Can you fight the stiffer charge? Did that building near the alley even look like a church?

Under Illinois law, the penalty for a drug-related crime can be upgraded if you committed that offense on or 500 feet from any church, synagogue or other building, structure or place used primarily for religious worship. (See 720 ILCS 570/407). A church or synagogue are clearly places of worship within the meaning of the law. But what about other structures where it’s less than obvious?

To determine whether a "church,” is a place of worship, a building need not have the particular physical characteristics of a church. Instead the court looks at whether the structure is primarily used for religious purposes. Thus, a Salvation Army building was deemed a church because people came to its chapel solely for the purpose of attending religious services. (See People v. Sparks). Even where a building is a place of religious worship, it must be one on the date of the offense.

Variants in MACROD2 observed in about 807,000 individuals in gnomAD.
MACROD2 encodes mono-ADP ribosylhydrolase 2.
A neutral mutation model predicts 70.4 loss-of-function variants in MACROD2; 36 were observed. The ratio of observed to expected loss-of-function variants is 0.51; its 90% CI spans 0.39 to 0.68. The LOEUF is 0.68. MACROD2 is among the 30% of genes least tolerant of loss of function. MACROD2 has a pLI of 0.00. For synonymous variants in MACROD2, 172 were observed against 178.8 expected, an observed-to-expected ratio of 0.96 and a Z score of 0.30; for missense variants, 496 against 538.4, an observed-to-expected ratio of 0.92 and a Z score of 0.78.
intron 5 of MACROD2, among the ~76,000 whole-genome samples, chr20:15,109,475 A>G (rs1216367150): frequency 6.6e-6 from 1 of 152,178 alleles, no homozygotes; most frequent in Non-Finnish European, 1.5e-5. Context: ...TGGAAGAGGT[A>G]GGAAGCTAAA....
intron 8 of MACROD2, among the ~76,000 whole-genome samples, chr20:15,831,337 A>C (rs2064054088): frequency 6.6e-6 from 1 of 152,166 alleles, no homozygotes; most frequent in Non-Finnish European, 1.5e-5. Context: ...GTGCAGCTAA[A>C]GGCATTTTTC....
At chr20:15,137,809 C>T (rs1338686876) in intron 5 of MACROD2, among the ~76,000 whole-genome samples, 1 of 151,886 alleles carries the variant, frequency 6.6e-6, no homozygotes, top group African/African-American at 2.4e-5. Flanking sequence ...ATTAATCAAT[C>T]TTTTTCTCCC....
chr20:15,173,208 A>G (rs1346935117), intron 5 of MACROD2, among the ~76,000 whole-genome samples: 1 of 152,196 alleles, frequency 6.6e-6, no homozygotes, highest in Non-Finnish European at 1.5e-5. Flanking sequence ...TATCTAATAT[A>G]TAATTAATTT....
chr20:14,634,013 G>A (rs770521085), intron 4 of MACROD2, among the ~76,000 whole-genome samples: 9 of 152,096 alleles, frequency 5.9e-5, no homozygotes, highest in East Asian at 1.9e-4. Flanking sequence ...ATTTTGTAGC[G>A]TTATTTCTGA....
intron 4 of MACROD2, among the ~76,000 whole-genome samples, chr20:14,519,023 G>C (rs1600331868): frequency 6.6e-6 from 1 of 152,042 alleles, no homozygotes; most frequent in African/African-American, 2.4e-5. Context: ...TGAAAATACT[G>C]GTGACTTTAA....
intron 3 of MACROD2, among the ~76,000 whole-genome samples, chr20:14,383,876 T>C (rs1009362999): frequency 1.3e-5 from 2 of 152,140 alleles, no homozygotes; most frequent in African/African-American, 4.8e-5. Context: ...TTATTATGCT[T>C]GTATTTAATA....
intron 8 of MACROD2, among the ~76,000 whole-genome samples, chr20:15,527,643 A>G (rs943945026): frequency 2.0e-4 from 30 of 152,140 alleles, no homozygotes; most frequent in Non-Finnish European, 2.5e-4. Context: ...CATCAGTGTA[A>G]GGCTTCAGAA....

If you have been charged with a crime, contact an experienced criminal law attorney immediately. An attorney can review your case for its best possible defense. As with most crimes, the state must prove all the elements of your offense beyond a reasonable doubt. Were you within 500 feet of the alleged place of worship? Was it a place of worship?

If you have questions about this or another related Illinois criminal or traffic matter, please contact Matt Keenan at 847-568-0160 or email matt@mattkeenanlaw.com.

(Besides Skokie, Matt Keenan also serves the communities of Arlington Heights, Chicago, Deerfield, Des Plaines, Evanston, Glenview, Morton Grove, Mount Prospect, Niles, Northbrook, Park Ridge, Rolling Meadows, Wilmette and Winnetka.)